Pitching story ideas is a critical skill for every freelance writer. Virginia Smyth, the executive editor of Seattle Magazine, recently spoke to my Seattle writing classes about how to make the perfect pitch.
“One of the most important questions in a pitch is, ‘Why now?’” she said. “We try to always have a timely angle for our stories.”
Smyth encourages potential freelancers to read the magazine carefully so they’ll know what it publishes. She says that every magazine has a formula, with columns, features, and other kinds of stories. For example, Seattle publishes a lot of stories on the food and dining scene in the city.
“When you pitch, I don’t care why you want to write the story,” she says. “Why is it right for the magazine? Make me think it has to be in my publication. I want to know why it’s right for Seattle. Do your homework. Be familiar with the publication, I get a lot of pitches where it’s obvious the writer has not read the publication.
“What’s the tone? What the demographic? Most publications have Writers guideline to help with this. Think of the elevator pitch: sum it up in three to five sentences. Make sure there’s a hook. What is great about the story? Use the pitch to demonstrate your writing style.”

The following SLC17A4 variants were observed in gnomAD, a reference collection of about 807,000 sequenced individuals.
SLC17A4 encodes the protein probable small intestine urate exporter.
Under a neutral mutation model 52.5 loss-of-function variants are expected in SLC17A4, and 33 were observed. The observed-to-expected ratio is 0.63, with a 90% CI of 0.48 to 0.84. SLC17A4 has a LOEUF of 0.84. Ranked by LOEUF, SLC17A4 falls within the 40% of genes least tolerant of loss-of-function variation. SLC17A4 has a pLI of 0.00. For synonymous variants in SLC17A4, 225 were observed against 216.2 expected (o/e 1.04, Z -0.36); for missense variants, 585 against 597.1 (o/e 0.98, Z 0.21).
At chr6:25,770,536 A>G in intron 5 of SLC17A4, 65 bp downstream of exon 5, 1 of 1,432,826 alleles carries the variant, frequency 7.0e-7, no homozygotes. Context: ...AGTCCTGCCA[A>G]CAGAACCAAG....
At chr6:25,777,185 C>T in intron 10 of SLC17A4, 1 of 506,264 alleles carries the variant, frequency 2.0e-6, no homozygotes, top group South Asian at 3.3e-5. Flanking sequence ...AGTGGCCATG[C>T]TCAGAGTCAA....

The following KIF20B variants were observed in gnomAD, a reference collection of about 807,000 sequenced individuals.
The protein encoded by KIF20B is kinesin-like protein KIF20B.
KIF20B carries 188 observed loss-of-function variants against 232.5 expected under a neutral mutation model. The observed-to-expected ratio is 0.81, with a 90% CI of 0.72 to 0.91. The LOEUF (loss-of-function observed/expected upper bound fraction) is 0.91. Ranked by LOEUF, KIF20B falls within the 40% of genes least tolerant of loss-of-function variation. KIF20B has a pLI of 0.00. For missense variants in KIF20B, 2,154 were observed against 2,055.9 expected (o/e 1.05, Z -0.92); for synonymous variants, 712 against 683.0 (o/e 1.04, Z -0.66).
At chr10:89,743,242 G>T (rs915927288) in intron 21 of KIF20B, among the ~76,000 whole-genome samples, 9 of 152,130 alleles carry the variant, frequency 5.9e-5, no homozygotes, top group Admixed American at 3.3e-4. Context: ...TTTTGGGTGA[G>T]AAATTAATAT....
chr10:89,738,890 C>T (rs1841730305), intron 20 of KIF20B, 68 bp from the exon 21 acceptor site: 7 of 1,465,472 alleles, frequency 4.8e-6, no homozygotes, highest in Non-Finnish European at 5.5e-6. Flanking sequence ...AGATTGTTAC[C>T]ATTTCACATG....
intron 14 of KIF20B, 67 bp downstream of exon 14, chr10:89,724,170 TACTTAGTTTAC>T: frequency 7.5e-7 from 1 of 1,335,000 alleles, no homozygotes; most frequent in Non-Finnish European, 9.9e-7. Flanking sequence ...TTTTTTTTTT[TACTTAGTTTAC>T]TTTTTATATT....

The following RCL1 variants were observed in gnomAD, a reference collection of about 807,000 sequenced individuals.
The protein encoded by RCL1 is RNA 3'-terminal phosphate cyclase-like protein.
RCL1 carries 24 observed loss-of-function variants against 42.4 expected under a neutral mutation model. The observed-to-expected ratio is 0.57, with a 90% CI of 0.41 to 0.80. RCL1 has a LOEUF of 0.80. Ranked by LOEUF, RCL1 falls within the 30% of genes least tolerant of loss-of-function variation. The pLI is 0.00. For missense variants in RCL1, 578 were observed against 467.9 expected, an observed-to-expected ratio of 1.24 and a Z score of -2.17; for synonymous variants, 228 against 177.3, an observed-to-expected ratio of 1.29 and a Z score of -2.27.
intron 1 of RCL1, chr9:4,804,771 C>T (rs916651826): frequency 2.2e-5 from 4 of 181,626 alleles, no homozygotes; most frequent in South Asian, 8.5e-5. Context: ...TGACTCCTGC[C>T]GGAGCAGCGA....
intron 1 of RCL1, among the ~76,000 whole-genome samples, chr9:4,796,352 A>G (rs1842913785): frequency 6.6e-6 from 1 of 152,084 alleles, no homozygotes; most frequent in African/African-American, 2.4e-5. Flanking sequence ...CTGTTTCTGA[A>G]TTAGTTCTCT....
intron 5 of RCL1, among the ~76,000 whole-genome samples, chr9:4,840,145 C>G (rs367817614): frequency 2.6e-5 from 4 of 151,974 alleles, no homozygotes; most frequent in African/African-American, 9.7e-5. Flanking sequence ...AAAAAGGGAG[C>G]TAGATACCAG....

Making the perfect pitch, also requires that you mention the research that you will do for the story.
“In another paragraph, tell what sources you will use. What are your sources? Why are you the right person to write the story? I’m working on a story with a writer about the Native American community. Why are you the right person to tell the story?”
Make sure to include examples of your previously published work, preferably as links, when you’re making your perfect pitch. “I want to have some confidence that you can tell the story for the magazine,” she says. “Then wait 30 days or so before getting in touch again. Be persistent but don’t stalk.”